Argumentative Speech: Capital Punishment is Wrong

There are many occasion under which the jury in a case are compelled to have a convict sentenced to capital punishment. This comes as a relief to the people who suffered from the deeds of the convicted person because at last they think justice has been served. However, this is not the case since capital punishment is merely a state-sanctioned form of murder. Capital punishment is also referred as the death penalty and is a legal process that sentences a person to death for his/her crimes. It is a punishment for serious and highly magnitude crimes, in most countries capital punishment is unacceptable. Due to growing uproar about continued practice of this form of punishment, there has been a pressure by right groups and movement who want it abolished (Melusky & Pesto, 2011).

In religious perspective capital punishment is not condoned because of the fact that it is in contrary to the belief of respecting an individual’s rights. It’s a revelation that this form of punishment is discriminatory because it target particular race, which is blacks. Although this is a subject of contention since each person of either race might argue differently (Melusky & Pesto, 2011).

Why Capital Punishment is Wrong

There are several cases that can be used to show how capital punishment is wrong and should be termed as murder by the state. To begin with, capital punishment can be used in executing innocent persons in the society. This is because there are always flaws in the judicial system of a state which can make an innocent person to be convicted and killed for a crime that they did not partake in doing. The flaws in the judicial system, arises from the fact that the judicial relies on witnesses, prosecutors and jurors who are all human and can make errors in the process of searching for justice.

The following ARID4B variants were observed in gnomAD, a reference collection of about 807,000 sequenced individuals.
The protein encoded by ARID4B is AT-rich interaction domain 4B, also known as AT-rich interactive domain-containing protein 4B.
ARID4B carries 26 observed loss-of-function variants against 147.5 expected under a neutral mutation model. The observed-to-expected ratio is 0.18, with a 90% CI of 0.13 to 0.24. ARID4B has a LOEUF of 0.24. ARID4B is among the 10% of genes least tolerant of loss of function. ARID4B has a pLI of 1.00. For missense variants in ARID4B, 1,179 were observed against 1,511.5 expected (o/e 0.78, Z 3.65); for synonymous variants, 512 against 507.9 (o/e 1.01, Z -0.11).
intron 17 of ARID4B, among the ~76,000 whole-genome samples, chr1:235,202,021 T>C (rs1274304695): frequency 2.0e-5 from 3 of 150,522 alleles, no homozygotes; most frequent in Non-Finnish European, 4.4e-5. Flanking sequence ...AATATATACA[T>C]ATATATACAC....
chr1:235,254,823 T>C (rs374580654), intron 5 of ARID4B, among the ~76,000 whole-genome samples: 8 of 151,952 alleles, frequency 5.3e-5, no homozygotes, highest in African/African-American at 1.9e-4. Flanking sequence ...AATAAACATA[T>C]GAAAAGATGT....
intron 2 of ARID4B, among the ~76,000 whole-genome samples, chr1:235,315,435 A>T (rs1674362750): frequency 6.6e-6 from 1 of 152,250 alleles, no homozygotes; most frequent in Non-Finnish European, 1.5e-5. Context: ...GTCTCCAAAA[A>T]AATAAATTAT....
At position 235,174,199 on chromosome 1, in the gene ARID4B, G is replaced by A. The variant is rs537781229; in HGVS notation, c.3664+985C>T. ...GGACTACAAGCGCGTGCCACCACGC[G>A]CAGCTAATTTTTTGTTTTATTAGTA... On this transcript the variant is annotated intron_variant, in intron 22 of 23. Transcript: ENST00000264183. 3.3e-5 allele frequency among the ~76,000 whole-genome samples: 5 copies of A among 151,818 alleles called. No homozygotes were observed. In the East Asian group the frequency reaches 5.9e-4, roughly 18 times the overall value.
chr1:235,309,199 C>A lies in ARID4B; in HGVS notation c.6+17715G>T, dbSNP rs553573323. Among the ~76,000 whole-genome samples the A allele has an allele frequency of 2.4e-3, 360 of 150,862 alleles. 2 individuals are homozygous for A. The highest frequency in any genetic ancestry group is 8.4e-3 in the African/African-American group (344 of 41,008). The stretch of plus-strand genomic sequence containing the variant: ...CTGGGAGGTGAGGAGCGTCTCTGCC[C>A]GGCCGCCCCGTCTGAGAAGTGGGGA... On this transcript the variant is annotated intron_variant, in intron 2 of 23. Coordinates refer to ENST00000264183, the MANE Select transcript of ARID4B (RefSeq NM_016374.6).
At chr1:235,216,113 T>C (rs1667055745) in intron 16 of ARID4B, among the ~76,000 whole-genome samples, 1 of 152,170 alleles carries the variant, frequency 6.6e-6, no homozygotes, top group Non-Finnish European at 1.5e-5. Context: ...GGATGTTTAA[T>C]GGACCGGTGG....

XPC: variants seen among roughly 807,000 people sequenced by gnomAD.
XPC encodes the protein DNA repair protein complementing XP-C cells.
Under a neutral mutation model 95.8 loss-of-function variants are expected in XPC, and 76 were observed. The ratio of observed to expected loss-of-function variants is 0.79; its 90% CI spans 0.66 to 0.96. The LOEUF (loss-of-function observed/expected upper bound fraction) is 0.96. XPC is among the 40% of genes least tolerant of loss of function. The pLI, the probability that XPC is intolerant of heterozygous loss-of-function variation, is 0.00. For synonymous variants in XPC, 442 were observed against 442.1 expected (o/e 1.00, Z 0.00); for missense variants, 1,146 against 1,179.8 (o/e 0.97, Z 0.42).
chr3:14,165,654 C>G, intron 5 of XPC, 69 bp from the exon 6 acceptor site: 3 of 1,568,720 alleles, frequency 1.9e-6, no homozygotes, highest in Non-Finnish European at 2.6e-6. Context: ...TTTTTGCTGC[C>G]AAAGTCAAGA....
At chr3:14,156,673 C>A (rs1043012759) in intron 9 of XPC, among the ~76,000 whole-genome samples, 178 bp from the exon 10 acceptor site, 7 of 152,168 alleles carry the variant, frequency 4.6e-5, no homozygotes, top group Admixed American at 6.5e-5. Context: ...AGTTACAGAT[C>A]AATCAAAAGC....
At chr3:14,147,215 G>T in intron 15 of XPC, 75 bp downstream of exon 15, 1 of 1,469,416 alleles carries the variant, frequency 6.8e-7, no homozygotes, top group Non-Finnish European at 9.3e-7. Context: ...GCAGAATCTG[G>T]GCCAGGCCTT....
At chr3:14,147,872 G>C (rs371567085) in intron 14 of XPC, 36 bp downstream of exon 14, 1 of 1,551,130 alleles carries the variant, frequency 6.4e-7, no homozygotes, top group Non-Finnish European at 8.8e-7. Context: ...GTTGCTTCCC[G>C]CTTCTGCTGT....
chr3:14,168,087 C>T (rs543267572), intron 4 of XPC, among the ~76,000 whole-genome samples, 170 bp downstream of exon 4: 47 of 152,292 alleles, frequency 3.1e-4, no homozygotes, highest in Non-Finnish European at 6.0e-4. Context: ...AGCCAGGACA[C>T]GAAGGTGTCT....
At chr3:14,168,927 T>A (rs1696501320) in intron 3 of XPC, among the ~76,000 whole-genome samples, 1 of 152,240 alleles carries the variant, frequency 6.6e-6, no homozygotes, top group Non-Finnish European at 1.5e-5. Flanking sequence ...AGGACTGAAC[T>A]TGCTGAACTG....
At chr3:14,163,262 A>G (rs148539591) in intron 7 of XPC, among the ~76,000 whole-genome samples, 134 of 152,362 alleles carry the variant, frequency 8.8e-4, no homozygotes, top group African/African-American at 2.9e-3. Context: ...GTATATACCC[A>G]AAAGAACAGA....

For instance, in the United State there have been a confirmed number of 130 people how have been sentenced to death and were later found not guilty of the crime they were prosecuted for having committed. This punishment is irreversible once it has been done on the convict hence there may be many innocent lives that can be lost in the process making capital punishment a wrong form of punishment for crimes no matter how big the crime is deemed to be (BBC, n.d).

Consequently, capital punishment can be compared to retribution and vengeance. In many societies retribution and vengeance have been flawed and are problematic in both the practice and concept. This is because retribution is a sanitized form of vengeance that has been designed to re-establish to justice. A philosopher by the name James Fitzjames advocated for vengeance by thinking and claiming that it is an acceptable form of punishment for crimes committed

However, retribution can have its consequences when used for punishment. This is because when a person is punished through vengeance the person harbors feelings of vindication against the people who punished him/her which makes them also to have retribution against them. Furthermore, if retribution is a form of justice, then there are many cases where the judicial system fails because some of the people being served with the vengeance are innocent of the crimes. This is wrong because the people who feel the wrath of vengeance are those who did not commit the crime while those who committed it live peacefully (Melusky & Pesto, 2011).